Cortez the Killer
At the climax of a failure, at the moment when shame is about to do us in, suddenly we are swept away by a frenzy of pride which lasts only long enough to drain us, to leave us without energy, to lower, with our powers, the intensity of our shame.
E. M. Cioran, The Trouble With Being Born
He detested objective truths, the burden of argument, sustained reasoning. He disliked demonstrating, he wanted to convince no one. Others are a dialectician’s invention.
E. M. Cioran, The Trouble With Being Born
The only successful philosophies and religions are the ones that flatter us, whether in the name of progress of of hell. Damned or not, man experiences an absolute need to be at the heart of everything. It is, fact, solely for this reason that he is man, that he has become man. And if some day he no longer feels this need, he must give away to some other animal prouder, madder than himself.
E. M. Cioran, The Trouble With Being Born
Mt disappointments, instead of converging toward a center and constituting if not a system at least an ensemble, are scattered, each supposing itself unique and thereby wasted, lacking organization.
E. M. Cioran, The Trouble With Being Born
Explosive force of any mortification. Every vanquished desire affords us power. We have the more hold over this world the further we withdraw from it, the less we adhere to it. Renunciation confers an infinite power.
E. M. Cioran, The Trouble With Being Born
If we consider closely our so-called generous actions, there is none which, from some aspect, is not blameworthy and even harmful, so that we come to regret having performed it—so that we must choose, finally, between abstention and remorse.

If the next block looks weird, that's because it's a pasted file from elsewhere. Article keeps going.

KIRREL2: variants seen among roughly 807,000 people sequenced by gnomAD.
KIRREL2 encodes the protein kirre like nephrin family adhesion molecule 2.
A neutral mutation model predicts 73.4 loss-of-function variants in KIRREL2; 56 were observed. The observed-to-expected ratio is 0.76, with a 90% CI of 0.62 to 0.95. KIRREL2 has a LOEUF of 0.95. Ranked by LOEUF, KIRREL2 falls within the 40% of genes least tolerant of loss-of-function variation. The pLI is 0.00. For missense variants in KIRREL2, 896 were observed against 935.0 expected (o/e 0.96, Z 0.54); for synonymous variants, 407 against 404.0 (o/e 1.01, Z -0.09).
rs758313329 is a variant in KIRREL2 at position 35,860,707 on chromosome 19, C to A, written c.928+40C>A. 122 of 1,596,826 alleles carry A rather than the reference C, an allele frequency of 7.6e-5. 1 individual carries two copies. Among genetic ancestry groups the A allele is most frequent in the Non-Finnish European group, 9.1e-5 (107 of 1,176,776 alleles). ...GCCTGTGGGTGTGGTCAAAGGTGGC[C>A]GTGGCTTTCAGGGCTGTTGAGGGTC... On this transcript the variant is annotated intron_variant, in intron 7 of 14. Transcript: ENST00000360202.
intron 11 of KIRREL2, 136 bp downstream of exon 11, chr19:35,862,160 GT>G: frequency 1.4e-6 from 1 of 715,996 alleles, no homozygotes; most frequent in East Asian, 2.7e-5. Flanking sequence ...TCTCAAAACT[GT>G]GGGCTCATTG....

E. M. Cioran, The Trouble With Being Born
Each opinion, each view is necessarily partial, truncated, inadequate. In philosophy and in anything, originality comes down to incomplete definitions.
E. M. Cioran, The Trouble With Being Born
At increasingly wider intervals, impulses of gratitude toward Job and Chamfort—toward vociferation and vitriol…
E. M. Cioran, The Trouble With Being Born

All is appearance.

In Buddhist writings, mention is often made of “the abyss of birth.” An abyss indeed, a gulf into which we do not fall but from which, instead, we emerge, to our universal chagrin.
E. M. Cioran, The Trouble With Being Born
As it leaves dawn behind and advances into the day, light prostitutes itself and is redeemed—ethics of twilight—only at the moment it vanishes.
E. M. Cioran, The Trouble With Being Born
When you know quite absolutely that everything is unreal, you then cannot see why you should take the trouble to prove it.
E. M. Cioran, The Trouble With Being Born
It’s not worth the bother of killing yourself, since you always kill yourself too late.
E. M. Cioran, The Trouble With Being Born
The merest atmospheric variation jeopardizes my plans, not to speak of my convictions. This kind of dependency—the most humiliating kind—unfailingly lays me low, even as it dissipates what few illusions remain as to my possibilities of being free and as to freedom itself. What is the use of swaggering if you are at the mercy of Wet and Dry? One craves a less lamentable bondage, and gods of another kidney.
E. M. Cioran, The Trouble With Being Born
Considering things according to nature, man was made to live facing outward. If he would see into himself, he must close his eyes, renounce his endeavors, quit the immediate. What is called “inner life” is a belated phenomenon, possible only by a slowing down of our vital activities, “the soul” being able to emerge and elaborate itself only at the expense of the good behavior of our organs.
E. M. Cioran, The Trouble With Being Born